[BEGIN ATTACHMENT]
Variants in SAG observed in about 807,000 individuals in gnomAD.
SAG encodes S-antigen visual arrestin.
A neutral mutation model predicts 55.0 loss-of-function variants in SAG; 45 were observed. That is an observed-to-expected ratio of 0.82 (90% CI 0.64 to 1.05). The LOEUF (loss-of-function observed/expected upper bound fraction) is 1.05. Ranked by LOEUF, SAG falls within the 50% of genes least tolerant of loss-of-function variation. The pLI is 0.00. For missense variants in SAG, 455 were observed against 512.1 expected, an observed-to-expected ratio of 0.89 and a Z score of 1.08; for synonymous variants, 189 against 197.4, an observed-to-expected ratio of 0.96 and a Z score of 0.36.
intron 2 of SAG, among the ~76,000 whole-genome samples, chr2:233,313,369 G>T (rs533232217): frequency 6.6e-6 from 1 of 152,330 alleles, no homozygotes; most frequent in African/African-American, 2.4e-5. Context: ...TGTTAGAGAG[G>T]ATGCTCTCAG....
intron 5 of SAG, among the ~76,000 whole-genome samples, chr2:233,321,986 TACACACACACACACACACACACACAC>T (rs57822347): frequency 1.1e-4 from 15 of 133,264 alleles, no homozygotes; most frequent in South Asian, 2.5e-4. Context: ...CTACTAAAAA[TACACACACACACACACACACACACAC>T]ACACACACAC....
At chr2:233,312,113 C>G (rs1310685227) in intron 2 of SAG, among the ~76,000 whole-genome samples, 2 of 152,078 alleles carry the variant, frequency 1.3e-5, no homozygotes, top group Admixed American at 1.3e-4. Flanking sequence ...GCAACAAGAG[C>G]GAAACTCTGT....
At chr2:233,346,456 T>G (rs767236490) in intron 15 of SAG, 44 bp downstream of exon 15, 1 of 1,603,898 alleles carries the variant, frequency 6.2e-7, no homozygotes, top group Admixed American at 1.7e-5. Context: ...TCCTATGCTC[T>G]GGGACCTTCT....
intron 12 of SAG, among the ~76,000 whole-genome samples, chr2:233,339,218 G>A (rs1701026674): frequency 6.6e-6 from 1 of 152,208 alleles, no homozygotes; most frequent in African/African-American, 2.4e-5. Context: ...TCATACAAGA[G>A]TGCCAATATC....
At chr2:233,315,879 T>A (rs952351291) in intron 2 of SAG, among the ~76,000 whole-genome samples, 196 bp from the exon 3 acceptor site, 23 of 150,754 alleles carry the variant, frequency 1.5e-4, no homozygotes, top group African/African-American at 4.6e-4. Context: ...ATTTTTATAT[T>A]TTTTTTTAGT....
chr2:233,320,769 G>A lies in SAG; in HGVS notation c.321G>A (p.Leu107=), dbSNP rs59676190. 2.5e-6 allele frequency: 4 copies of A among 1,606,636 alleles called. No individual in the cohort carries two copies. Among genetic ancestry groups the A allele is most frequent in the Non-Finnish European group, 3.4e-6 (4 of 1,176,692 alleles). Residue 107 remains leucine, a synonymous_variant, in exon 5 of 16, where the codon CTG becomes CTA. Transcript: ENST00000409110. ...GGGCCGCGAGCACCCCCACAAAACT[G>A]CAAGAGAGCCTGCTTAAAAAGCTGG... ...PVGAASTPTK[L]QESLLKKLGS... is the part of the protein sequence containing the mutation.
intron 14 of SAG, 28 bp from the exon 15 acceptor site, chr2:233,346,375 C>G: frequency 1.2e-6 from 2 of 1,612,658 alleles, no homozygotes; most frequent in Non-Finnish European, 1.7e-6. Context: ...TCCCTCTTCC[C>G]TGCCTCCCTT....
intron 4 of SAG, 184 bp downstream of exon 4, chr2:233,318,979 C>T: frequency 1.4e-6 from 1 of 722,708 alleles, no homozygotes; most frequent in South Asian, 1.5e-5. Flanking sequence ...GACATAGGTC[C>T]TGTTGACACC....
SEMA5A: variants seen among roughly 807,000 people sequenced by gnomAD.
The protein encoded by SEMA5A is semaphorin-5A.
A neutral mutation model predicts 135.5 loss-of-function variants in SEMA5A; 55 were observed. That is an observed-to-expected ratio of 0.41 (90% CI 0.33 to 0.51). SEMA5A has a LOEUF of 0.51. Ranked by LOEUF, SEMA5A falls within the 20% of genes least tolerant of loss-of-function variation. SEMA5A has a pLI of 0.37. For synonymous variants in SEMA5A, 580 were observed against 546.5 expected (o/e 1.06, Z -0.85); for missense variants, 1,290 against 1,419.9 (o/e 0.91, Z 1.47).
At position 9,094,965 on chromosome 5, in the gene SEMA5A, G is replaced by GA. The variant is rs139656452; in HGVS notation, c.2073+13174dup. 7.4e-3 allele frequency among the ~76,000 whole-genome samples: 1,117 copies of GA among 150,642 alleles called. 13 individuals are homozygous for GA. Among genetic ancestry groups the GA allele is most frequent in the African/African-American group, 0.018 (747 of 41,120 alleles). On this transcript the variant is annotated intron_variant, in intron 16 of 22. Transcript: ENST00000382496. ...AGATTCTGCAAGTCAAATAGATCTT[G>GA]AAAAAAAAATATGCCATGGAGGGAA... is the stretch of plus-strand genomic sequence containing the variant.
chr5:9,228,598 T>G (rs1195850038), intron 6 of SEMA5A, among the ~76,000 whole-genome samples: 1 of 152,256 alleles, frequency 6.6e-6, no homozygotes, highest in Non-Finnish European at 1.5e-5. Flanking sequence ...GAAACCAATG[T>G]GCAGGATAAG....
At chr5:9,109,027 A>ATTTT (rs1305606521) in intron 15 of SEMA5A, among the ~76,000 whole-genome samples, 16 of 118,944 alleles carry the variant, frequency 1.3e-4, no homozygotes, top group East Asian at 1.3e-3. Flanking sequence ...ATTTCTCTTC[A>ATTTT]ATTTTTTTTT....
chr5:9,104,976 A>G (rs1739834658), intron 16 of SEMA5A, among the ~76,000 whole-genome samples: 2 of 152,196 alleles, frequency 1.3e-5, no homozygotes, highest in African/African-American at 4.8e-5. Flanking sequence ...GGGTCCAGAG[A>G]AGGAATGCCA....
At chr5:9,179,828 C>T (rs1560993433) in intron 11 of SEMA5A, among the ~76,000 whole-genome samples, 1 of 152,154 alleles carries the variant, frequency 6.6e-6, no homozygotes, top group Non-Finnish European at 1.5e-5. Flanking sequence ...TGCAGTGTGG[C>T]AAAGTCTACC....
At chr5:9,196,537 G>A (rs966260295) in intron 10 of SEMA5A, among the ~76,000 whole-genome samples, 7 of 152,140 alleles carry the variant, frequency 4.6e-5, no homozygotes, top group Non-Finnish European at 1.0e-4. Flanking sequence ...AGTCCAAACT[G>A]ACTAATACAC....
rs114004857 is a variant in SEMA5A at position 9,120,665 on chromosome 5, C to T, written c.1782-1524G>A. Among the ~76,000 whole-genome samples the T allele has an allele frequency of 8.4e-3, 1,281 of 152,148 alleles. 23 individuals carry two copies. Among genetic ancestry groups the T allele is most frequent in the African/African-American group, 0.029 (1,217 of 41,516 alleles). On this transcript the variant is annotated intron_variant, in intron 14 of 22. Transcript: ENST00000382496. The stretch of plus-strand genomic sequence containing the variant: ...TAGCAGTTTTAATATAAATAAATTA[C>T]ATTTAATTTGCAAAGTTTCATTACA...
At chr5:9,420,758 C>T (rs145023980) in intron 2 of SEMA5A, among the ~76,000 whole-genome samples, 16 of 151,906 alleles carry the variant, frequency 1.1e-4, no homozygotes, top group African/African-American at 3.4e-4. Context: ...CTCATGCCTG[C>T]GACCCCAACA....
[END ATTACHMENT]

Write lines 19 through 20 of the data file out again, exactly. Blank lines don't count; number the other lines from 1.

chr5:9,104,976 A>G (rs1739834658), intron 16 of SEMA5A, among the ~76,000 whole-genome samples: 2 of 152,196 alleles, frequency 1.3e-5, no homozygotes, highest in African/African-American at 4.8e-5. Flanking sequence ...GGGTCCAGAG[A>G]AGGAATGCCA....
At chr5:9,179,828 C>T (rs1560993433) in intron 11 of SEMA5A, among the ~76,000 whole-genome samples, 1 of 152,154 alleles carries the variant, frequency 6.6e-6, no homozygotes, top group Non-Finnish European at 1.5e-5. Flanking sequence ...TGCAGTGTGG[C>T]AAAGTCTACC....